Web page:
I’m the mom of a gorgeous 10-month-old daughter and my husband and I are thinking about adding a second child to our family. The problem is that I’ll be 42 in June, so we don’t have a lot of time to think.
My daughter is very extroverted, very social. She loves other kids and I think it would be great for her to have a full-time playmate right here at home. I have a sister and I LOVED growing up with her. She’s always been my best friend and she still is. I don’t know what I would do without her!
But I’m also anxious because I know that it’s not a guarantee that they will be best buds. My husband also has a sister and he couldn’t care less if she’s even alive. They never had anything in common growing up and he was actually surprised to find out that I enjoy hanging out with my sister and that I want to talk to her more than once or twice a year.
I guess I’m wondering if it is a good idea to have another baby, or how I can make sure my kids don’t end up hating each other. What’s the best way for my husband and I to set our kids up for a successful sibling relationship?
Mom of One
Dear Mom of One,
The best way to set yourselves up for what you call “a successful sibling relationship” is to broaden the scope of what you think of as “a successful sibling relationship.”
It sounds like you’re hoping your daughter and her sister or brother will spend their childhoods intertwined in respectful, stimulating play. As they get older, they’ll grow from playmates into true friends, sharing midnight whispers, secret treasures. When your daughter goes away to college, she’ll drain her whole texting plan keeping up to date on what’s going on with her sibling and, a week after perfectly executing your 103rd birthday party, the two of them will sit side by side at your funeral, holding hands and looking deeply into each other’s eyes saying, “At least we have each other. At least we’ve always had each other.”
OK, sure. That sounds lovely and I’m sure everyone would really enjoy that. But your anxiety tells me that you already know it doesn’t always work out like that. And what if it doesn’t? What if your next child is an introvert who doesn’t like playing the games your daughter does? What if they don’t pal around at all? What if, instead, they just sort of coolly tolerate each other until they’re grown and gone? Would that be a failure?
Or what if they don’t even tolerate each other. What if they can’t stand each other? What if they fight often? Perpetually disagree? What if you have to divide Thanksgiving into half-days because each refuses to eat turkey in the presence of the other? Is that a failure? Whose failure is it? Does it mean you failed? Or that your children did? Or is it a failure of your whole family? When you take a narrow view of “success,” you leave a lot of room for “failure.”
The thing is, we all use these possessive phrases, “my children,” “my daughter,” but our children do not belong to us; they’re their own people. At some point they start to have their own lives, or at least that’s the goal, right, Mom of One? And a big part of this new child’s life will be his own preferences and dispreferences, among which may well be a dispreference for your daughter’s company. It’s hard to imagine anyone not falling instantly in love with our children, I know, shining angels that they are, but you must admit it’s possible.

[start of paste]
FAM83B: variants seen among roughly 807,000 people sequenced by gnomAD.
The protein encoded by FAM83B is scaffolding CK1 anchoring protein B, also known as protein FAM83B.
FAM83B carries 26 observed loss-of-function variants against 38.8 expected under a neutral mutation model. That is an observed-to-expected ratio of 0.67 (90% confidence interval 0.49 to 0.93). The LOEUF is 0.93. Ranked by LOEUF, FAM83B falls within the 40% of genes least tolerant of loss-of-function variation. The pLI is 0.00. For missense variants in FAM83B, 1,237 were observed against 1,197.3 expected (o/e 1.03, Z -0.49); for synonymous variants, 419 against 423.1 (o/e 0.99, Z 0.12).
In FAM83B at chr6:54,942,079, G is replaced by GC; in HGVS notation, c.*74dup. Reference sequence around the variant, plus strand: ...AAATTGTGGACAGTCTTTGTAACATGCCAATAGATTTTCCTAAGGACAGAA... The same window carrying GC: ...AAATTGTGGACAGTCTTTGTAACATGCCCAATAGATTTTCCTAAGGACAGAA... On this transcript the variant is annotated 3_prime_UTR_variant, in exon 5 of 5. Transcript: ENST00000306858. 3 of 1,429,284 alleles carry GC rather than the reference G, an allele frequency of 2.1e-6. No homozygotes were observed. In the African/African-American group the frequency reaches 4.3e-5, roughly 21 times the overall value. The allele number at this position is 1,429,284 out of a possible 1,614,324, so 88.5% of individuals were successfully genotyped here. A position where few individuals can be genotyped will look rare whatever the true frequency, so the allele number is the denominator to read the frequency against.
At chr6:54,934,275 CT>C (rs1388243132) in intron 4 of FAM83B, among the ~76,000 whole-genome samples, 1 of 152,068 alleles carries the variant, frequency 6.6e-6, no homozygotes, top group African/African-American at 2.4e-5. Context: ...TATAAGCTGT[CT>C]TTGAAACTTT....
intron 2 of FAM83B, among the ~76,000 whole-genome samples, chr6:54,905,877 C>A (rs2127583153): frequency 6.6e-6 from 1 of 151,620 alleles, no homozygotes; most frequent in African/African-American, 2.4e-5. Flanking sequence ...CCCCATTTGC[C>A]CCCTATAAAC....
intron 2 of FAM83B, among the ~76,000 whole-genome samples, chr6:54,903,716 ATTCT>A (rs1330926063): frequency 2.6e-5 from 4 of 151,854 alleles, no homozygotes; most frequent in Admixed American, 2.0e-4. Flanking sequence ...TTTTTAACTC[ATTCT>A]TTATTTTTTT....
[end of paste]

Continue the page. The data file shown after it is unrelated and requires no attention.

I’m absolutely not trying to tell you that you should or shouldn’t have another baby, and anyone who does try to make that decision for you is an idiot. I’m simply saying that if you do have another baby, you shouldn’t bring her into the world with a job to do. She shouldn’t be stamped, pre-conception, with an occupation. She shouldn’t just be your daughter’s playmate or potential best friend. She should be your daughter.
I’m also suggesting that the sibling relationship that emerges might not fall in line with your best-case scenario, but that needn’t mean it isn’t a “success.” You describe your husband’s relationship with his sister as something you absolutely would not want, but on the spectrum of family dysfunction, a kind of tepid indifference doesn’t sound so bad (Remember Cain and Abel?). Have you ever asked your husband how he feels about his relationship with his sister? Maybe it isn’t a source of sadness for him, but a neutral fact about his life: He and his sister aren’t close. Maybe that’s not really a problem at all.
Maybe “successful siblings relationships” come in many flavors. Your children, should you choose to go back for round two, might share spaces or secrets or a special intimate bond, or none of the above. But they will share a few things, guaranteed. They will share memories and genes and the love of two parents who wanted them both madly and without expectations, just as they are.
Good luck, Mom.
Aubrey Hirsch is the author of “Why We Never Talk About Sugar.” Her work has appeared widely in print and online. You can learn more about her at www.aubreyhirsch.com or follow her on Twitter: @aubreyhirsch